“Life” is a strange word if you start to pick it apart.
On the one hand you use it to talk about a quality that belongs to things that are neither dead nor inorganic. This is the biological sense of the word. Things that have the incredible internal ability to grow, metabolize, reproduce themselves, and adapt to their environment have life and are alive.
This post is part of a series. Click the link for Parts 1 & 2.
Last time I introduced you to Herbert’s poem “Love (III),” and invited you into it—to meet the loving Jesus Christ who Herbert would like to introduce you to.
Here I want to draw a few principles from it about God and God’s love. These four principles don’t exhaust the treasure to be found in the poem, but they do help distill its essence.
Hopefully, in doing so, you can carry these principles into your entire life—certainly your worship and prayer life, but not only there! God wants your entire life, from waking to sleeping, to be permeated by his love.
This post is part of a series. To see Part 1, click here.
“Love (III)” is one of my favorite poems because it speaks to the heart of the matter: what does it look like to be loved by God? Composed by George Herbert in the 17th century, it is his most celebrated poem. It also concludes the main section of The Temple, the collection of Herbert’s English poems.
Here is the poem in full (it belongs to the public domain), with the spelling modernized:
This blog post started as a reflection on a poem, but it started to get pretty long.I realized I didn’t want to test everyone’s attention span, so I decided to split it up into a series that will attempt to unfold what love means for those who follow Christ.
Christians talk a lot about love. They claim that God loves them.
One early writer says that God has given Christians a new life because God’s love for them was so strong. Elsewhere, he writes that God’s love is so powerful and large that nothing can overcome or overpower it. Nothing is bigger or stronger than it (Eph 2:4-5; Rom 8:38-39).
I just finished reading Money and Power by Jacques Ellul, the late French sociologist and Christian theologian. Although you can see Ellul’s sociological prowess in the background of his work, I appreciate that throughout the work he thinks primarily from Scripture, with copious quotation of and reflection on biblical texts.
I find Ellul to have a very refreshing and challenging perspective on money. Even though I didn’t always find myself in agreement with his conclusions and argumentation, I consider many of his opinions at least loosely in line with Scripture as a whole, the early church as seen in the New Testament, and the Church Fathers and Mothers.
In the first chapter, Ellul discusses the contemporary monetary and economic paradigms and considers how to approach them from a Christian perspective.
Ellul (writing in the 1950s) sees all the economic systems, the -isms, as problematic. The main issue is that they abstract the money problem. For him, the problem is a matter of the human heart in relation to money. When we abstract money into a global economic system, we lost sight of personal relationship and responsibility.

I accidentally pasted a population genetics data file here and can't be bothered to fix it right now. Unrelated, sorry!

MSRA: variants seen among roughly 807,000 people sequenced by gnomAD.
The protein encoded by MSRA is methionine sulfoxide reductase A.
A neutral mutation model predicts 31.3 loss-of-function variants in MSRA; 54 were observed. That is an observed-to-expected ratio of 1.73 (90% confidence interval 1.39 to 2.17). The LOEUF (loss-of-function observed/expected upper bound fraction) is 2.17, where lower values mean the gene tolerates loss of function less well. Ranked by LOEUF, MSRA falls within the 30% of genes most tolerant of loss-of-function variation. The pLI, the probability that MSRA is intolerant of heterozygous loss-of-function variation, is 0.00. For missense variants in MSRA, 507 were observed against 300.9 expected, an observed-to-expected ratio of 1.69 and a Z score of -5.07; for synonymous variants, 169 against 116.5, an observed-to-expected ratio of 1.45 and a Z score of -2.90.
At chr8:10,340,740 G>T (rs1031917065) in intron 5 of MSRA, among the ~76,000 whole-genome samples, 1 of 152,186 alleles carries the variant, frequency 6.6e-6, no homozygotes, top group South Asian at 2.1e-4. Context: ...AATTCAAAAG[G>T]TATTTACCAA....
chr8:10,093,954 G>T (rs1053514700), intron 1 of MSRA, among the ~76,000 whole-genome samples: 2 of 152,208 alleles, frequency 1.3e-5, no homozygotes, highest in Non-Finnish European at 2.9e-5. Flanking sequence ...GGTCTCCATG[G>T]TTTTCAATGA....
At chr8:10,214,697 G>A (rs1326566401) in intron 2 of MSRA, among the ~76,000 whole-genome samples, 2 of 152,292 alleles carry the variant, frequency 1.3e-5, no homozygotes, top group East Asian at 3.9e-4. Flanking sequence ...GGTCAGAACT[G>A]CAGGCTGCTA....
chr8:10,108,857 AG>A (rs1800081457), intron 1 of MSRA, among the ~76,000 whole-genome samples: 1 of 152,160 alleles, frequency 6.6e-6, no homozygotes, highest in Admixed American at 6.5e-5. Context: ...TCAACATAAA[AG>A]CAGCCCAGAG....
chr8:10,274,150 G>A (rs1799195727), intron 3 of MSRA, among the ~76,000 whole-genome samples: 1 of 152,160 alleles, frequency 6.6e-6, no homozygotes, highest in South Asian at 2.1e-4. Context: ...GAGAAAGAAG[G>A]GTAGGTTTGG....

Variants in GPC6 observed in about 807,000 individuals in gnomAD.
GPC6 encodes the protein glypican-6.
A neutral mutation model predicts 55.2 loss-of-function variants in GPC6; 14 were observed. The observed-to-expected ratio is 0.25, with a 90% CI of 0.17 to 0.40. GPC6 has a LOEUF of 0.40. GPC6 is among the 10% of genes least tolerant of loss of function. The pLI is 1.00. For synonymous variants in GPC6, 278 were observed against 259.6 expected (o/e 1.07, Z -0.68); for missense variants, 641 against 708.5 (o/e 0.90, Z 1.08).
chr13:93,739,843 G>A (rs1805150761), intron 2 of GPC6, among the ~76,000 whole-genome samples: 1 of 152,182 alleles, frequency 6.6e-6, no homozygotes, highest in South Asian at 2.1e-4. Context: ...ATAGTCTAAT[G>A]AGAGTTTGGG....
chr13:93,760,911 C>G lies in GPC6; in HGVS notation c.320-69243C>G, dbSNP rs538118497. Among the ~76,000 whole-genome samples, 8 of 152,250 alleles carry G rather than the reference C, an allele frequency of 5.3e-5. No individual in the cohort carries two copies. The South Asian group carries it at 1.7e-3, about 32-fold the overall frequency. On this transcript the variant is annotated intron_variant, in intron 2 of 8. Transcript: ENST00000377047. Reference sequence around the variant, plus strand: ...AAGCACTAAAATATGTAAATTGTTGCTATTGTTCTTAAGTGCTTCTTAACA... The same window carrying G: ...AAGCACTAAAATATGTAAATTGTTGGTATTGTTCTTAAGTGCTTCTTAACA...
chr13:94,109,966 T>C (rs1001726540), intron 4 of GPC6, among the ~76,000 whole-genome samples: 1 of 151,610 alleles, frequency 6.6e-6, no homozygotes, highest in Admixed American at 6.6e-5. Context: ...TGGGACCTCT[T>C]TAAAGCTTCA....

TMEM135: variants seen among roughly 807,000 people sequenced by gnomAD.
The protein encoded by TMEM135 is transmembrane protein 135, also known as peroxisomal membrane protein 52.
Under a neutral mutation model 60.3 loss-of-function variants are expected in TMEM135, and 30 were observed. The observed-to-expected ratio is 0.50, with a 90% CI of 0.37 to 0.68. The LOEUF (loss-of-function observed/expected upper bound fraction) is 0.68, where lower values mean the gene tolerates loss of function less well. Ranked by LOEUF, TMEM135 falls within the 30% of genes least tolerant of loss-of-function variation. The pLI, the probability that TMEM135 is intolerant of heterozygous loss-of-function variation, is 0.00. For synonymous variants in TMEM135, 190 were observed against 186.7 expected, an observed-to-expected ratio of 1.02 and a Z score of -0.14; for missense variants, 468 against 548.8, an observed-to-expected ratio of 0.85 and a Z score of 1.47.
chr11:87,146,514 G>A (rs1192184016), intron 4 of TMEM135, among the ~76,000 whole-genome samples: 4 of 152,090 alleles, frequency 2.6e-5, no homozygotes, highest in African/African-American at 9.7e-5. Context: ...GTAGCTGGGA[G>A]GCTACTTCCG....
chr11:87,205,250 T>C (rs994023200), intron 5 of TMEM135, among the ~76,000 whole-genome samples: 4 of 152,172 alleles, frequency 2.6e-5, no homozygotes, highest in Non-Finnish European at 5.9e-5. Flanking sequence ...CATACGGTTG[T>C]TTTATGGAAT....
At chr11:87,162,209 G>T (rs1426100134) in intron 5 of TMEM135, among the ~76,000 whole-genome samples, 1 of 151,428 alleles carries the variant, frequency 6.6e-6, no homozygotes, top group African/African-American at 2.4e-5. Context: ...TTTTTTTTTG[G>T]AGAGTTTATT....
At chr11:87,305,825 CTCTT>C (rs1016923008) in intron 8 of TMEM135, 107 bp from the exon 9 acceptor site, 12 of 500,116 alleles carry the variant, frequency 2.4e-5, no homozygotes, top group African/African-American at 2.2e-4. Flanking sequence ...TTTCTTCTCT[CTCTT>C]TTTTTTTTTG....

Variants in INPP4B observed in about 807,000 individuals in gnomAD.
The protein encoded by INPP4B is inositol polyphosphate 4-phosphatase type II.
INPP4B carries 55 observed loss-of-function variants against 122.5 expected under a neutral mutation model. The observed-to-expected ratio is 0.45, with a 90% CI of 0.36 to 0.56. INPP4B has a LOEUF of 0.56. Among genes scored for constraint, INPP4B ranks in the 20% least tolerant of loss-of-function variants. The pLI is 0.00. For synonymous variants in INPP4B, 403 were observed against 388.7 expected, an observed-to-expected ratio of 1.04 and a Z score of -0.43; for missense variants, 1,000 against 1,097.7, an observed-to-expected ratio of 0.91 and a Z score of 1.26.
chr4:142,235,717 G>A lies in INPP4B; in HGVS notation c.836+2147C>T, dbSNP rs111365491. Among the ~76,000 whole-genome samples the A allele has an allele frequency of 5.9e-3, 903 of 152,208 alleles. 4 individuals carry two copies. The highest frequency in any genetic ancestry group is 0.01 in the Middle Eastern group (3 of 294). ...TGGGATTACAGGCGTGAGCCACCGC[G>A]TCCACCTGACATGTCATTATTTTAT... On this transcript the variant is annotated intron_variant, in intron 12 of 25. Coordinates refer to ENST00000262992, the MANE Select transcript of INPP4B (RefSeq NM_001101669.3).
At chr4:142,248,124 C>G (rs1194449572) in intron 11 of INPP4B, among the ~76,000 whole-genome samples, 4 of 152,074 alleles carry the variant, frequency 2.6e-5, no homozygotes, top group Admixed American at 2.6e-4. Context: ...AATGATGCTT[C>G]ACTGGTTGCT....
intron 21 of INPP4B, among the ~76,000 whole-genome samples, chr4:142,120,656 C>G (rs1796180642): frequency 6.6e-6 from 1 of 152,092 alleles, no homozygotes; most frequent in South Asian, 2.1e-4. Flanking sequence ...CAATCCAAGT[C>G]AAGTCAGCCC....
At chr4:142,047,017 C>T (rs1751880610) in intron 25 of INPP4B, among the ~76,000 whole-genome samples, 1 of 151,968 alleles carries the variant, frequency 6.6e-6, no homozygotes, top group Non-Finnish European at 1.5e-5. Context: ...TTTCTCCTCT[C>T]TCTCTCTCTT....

Have you not known? Have you not heard?The Lord is the everlasting God, The Creator of the ends of the earth.He does not faint or grow weary; his understanding is unsearchable.He gives power to the faint, and strengthens the powerless.Even youths will faint and be weary, and the young will fall exhausted;but those who wait for the Lord shall renew their strength, they shall mount up with wings like eagles,they shall run and not be weary, they shall walk and not faint.
Isaiah says to wait for the Lord. Frankly, I don’t know if I like the advice. Do you? I want to prepare, strike out on my path, excel, succeed. Don’t you? When I face a challenge, I want to overcome it. I want to be smart enough, fast enough, strong enough. When I fall down, I want to pick myself up by my own bootstraps. Don’t you?
In studying a subject or procuring a skill there is generally a movement from mystery to familiarity, from the unknown to the known. For example, I remember when I first began learning Greek, when all shapes of the alphabet were strange to me and each page of text an unknowable riddle. As I painstakingly studied, the sound of each letter would soon come as second nature and each word would become a system of recognizable parts. As I ran enough text through my fingers, I began to get a feel for the language; it became familiar and known to me. Whereas before I could only discern shadows on the ground, now I could look up and see the cathedral that cast it—in all its architectural grandeur and geometric complexity. Yet, at the point at which one has memorized every nook and cranny, the degree of every angle, the length of every line, the point at which one has run one’s hands over every square inch a thousand times over, at this point the mystery and the enchantment begin to fade into familiarity and mundanity. It seems that in the process of knowing there is inevitably the risk of disenchantment. (Is it mere coincidence that the West’s struggle with the disenchantment of the world came concomitantly with modernity, the rise of the scientific and rational mind?)
However, the more I delve into the incarnation, the cross and resurrection, the more it eludes familiarity, the stranger it becomes. It resists demystification and disenchantment. It brings one to the beginning of the cosmos, to its end—at the cross one climbs into the dark recesses of the depths of the earth and ascends to the azure heights of the daylight sky.